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Unbeaten Roy Jones Jr. is disqualified, loses to Griffin

March 22, 1997 GMT

ATLANTIC CITY, N.J. (AP) _ When it was time to fight, Roy Jones Jr. didn’t want to. When it was time to quit, he wouldn’t.

The result was a ninth-round disqualification for Jones, an unlikely victory for Montell Griffin and the perfect setup for a rematch.

Not that Griffin wanted it this way.

``I wanted to win it fair and square,″ said Griffin (27-0). ``If he’s the greatest man on the planet, why did he have to hit a man who was down? I don’t understand.″

Jones, who at 34-0 is touted by some as the best boxer in the world, fought like he was afraid of Griffin. For the first five rounds, Griffin pushed Jones around the ring, backing him into corners and jamming him so he couldn’t unleash his customary barrage of counter punches.

Jones refused to pressure Griffin and found himself against the ropes, absorbing solid body shots without resistance or retaliation.

But Jones scored a knockdown in the seventh when Griffin plunged to the canvas. But it appeared he tripped; he complained to referee Tony Perez after getting up.

``He didn’t beat me. I was disqualified,″ said Jones, who lost the WBC light heavyweight crown in the scheduled 12-rounder before 2,400 people at Trump Taj Mahal on Friday.

In the ninth, Jones rocked Griffin with a right and then followed with three more rights and a left. Griffin dropped to his left knee to clear his head, but as he looked up at Perez for the count, Jones hit him with a right and a left.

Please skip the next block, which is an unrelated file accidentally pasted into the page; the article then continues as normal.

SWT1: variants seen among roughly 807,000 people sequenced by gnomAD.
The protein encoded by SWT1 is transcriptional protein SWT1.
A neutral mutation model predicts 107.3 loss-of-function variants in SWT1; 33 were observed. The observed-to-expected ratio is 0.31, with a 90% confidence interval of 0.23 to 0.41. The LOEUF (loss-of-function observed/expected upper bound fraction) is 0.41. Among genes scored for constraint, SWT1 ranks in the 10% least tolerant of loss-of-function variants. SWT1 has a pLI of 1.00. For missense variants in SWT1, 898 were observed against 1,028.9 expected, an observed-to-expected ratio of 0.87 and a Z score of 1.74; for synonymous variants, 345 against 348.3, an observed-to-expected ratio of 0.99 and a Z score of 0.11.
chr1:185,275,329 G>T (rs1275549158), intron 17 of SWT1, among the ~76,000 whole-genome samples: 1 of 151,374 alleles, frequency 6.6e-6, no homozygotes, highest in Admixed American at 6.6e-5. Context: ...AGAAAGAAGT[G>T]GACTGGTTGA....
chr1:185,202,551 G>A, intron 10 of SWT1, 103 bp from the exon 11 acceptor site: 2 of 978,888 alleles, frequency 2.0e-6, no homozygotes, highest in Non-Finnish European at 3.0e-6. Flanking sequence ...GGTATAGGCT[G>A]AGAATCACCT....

``I took a shot to the back of the head and I took a knee on purpose to clear my head,″ the new champion said. ``When I went down, I was just dizzy.″

After the punch, Griffin’s eyes rolled up in his head and he pitched forward onto his face. He was counted out by Perez, who then disqualified Jones at 2:27 of the ninth round as bedlam broke loose.

``I wasn’t sure he was down,″ Jones said. ``I thought he might pop up again.″

Perez said he had no choice.

``He hit Griffin when he was down. He hit him twice _ I had to disqualify him. ... When I saw he was impaired and unable to continue, I had to disqualify.″

Judge Barbara Perez had Griffin ahead 76-75 after eight rounds. Judge Chuck Hassett favored Jones 77-75 and Terry Smith had Jones ahead 76-75.

The AP favored Griffin 77-75.

``He was desperate,″ Griffin said. ``You could see his face was busted up. I was too fast. I was taking it to him. I was taking him into the ropes.″

Griffin landed 141 of 298 punches, 47 percent, and Jones landed 113 of 372, 30 percent, according to a computer analysis of the fight.

Jones, of Pensacola, Fla., who weighed the class limit of 175 pounds, earned $3 million for his first loss in 10 title fights. He also is a former IBF middleweight and super middleweight champ.

Griffin, of Chicago, also 175, earned $385,000 for his victory, which was telecast by HBO.

In another fight, David Reid, 154, of Philadelphia, the only U.S. Olympic boxing champ from the Atlanta Olympics, made his pro debut with a four-round decision over Sam Calderon, 157, of Campbell, Ohio.